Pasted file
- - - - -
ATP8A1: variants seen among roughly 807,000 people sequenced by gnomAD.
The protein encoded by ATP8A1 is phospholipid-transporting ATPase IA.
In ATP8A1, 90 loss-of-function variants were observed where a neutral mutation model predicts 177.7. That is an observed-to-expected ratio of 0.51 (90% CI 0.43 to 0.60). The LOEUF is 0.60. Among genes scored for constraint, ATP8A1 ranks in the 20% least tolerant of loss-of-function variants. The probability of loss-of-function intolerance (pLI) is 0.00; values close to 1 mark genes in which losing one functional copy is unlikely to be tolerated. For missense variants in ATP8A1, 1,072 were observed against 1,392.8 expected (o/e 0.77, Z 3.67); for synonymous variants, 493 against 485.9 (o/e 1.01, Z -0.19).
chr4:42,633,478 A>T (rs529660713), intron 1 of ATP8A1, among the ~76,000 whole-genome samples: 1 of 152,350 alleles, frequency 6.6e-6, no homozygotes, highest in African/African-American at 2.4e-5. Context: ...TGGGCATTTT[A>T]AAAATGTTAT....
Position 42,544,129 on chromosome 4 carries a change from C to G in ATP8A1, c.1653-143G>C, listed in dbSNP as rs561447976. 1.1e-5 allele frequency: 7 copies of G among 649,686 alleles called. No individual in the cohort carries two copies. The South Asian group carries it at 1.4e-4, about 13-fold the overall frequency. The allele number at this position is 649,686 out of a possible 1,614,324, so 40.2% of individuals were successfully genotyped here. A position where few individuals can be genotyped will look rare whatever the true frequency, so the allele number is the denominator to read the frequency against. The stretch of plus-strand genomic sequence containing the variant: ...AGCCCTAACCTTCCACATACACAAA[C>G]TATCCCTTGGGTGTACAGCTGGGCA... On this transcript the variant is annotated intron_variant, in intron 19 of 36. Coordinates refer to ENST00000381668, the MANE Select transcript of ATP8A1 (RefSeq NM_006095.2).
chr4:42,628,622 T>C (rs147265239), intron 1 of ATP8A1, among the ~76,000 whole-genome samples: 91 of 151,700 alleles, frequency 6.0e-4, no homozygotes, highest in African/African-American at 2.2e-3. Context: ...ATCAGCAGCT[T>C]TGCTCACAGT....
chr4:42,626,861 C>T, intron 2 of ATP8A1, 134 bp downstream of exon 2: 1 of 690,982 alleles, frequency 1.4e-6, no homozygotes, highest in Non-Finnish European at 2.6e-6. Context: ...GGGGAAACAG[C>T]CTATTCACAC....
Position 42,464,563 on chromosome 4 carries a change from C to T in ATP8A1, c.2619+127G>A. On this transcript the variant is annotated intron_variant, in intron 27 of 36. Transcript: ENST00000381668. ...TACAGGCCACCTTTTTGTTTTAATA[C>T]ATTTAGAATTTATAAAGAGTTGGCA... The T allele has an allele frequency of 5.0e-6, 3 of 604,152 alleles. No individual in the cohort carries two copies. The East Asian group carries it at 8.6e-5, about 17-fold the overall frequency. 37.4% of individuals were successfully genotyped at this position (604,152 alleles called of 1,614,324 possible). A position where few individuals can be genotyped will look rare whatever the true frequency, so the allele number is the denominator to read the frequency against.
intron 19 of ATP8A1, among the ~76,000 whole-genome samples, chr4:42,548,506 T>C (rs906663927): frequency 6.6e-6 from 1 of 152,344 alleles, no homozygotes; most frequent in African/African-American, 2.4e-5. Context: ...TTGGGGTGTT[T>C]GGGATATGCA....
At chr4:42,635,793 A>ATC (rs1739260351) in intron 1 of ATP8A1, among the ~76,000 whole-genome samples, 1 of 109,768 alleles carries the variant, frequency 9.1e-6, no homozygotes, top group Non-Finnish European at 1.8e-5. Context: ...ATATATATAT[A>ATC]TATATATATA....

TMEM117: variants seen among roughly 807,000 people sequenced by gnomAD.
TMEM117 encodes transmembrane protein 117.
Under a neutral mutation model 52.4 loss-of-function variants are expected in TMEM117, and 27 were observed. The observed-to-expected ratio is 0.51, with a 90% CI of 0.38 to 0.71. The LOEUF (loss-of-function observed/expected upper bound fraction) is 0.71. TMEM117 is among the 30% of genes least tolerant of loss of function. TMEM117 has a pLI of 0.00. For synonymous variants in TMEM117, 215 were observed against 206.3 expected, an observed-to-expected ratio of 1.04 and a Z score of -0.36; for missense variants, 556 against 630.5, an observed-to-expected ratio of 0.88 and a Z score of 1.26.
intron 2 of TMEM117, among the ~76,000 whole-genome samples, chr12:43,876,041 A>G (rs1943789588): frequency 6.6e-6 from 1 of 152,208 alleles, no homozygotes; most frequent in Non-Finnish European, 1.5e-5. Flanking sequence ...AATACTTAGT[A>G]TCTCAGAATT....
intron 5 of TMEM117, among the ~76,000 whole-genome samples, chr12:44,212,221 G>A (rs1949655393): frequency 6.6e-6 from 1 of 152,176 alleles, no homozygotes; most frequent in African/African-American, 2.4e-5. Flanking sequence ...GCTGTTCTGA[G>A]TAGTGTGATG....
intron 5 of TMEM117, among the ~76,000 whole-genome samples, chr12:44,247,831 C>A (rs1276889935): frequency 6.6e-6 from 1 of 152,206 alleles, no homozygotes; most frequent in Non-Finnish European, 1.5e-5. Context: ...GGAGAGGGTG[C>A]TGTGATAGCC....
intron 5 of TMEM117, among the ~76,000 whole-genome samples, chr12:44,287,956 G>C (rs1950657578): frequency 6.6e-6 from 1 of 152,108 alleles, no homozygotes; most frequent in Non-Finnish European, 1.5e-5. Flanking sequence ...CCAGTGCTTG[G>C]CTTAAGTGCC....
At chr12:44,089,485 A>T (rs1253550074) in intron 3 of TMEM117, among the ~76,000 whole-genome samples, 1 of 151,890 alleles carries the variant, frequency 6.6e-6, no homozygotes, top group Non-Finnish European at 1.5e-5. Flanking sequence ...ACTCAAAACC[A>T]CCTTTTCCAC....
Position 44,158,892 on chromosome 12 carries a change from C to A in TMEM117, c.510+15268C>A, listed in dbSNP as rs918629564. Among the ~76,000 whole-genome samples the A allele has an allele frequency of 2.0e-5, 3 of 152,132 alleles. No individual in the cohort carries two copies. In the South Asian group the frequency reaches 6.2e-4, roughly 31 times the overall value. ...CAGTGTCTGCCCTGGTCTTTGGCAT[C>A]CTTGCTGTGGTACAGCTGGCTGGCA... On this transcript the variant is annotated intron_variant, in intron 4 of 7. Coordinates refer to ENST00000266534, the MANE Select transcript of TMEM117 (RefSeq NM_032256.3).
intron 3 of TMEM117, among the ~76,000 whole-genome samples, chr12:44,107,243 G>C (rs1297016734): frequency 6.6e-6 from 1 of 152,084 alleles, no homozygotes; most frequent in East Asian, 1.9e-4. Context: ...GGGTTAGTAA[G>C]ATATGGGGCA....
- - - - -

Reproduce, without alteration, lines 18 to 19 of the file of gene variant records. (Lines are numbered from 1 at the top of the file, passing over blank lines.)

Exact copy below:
At chr12:44,089,485 A>T (rs1253550074) in intron 3 of TMEM117, among the ~76,000 whole-genome samples, 1 of 151,890 alleles carries the variant, frequency 6.6e-6, no homozygotes, top group Non-Finnish European at 1.5e-5. Flanking sequence ...ACTCAAAACC[A>T]CCTTTTCCAC....
Position 44,158,892 on chromosome 12 carries a change from C to A in TMEM117, c.510+15268C>A, listed in dbSNP as rs918629564. Among the ~76,000 whole-genome samples the A allele has an allele frequency of 2.0e-5, 3 of 152,132 alleles. No individual in the cohort carries two copies. In the South Asian group the frequency reaches 6.2e-4, roughly 31 times the overall value. ...CAGTGTCTGCCCTGGTCTTTGGCAT[C>A]CTTGCTGTGGTACAGCTGGCTGGCA... On this transcript the variant is annotated intron_variant, in intron 4 of 7. Coordinates refer to ENST00000266534, the MANE Select transcript of TMEM117 (RefSeq NM_032256.3).